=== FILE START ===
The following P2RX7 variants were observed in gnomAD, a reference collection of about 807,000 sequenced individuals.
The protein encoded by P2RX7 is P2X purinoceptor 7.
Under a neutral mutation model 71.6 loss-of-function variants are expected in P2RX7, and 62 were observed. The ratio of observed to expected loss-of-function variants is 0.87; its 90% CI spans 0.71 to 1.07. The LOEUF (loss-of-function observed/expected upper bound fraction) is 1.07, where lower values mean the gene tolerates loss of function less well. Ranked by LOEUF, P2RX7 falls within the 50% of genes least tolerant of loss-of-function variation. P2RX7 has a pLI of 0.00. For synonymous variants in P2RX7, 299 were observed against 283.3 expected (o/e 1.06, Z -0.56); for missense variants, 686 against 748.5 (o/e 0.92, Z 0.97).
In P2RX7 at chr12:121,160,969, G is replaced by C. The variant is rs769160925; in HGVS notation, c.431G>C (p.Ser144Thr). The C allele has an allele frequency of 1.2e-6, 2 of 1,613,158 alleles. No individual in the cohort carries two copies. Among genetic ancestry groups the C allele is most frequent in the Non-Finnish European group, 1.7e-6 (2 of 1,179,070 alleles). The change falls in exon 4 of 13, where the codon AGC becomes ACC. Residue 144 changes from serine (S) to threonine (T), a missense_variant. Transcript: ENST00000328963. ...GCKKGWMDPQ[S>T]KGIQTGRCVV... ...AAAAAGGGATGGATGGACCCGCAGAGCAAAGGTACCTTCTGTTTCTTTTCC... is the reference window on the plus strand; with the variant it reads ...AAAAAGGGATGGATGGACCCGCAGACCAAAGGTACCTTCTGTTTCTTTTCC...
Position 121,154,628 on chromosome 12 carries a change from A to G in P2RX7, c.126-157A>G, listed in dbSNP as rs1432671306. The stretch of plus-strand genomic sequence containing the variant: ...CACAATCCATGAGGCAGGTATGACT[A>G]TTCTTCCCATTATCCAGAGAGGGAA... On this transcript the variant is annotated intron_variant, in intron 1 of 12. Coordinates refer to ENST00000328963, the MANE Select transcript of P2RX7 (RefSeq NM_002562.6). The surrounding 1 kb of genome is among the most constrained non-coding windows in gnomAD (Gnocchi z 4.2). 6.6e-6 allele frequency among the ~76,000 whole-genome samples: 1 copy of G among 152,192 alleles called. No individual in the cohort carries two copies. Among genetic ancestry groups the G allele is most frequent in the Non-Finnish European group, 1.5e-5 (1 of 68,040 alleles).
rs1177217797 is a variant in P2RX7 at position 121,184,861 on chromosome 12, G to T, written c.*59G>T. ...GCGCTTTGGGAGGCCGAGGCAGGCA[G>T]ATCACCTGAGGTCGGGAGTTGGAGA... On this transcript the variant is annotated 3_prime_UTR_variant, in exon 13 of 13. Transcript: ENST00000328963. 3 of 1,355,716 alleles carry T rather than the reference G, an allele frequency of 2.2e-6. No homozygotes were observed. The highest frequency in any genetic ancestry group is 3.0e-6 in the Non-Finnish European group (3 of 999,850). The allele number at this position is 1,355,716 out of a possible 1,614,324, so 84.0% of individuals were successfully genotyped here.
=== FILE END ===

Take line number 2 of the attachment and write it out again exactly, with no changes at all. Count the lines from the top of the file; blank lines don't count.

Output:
The protein encoded by P2RX7 is P2X purinoceptor 7.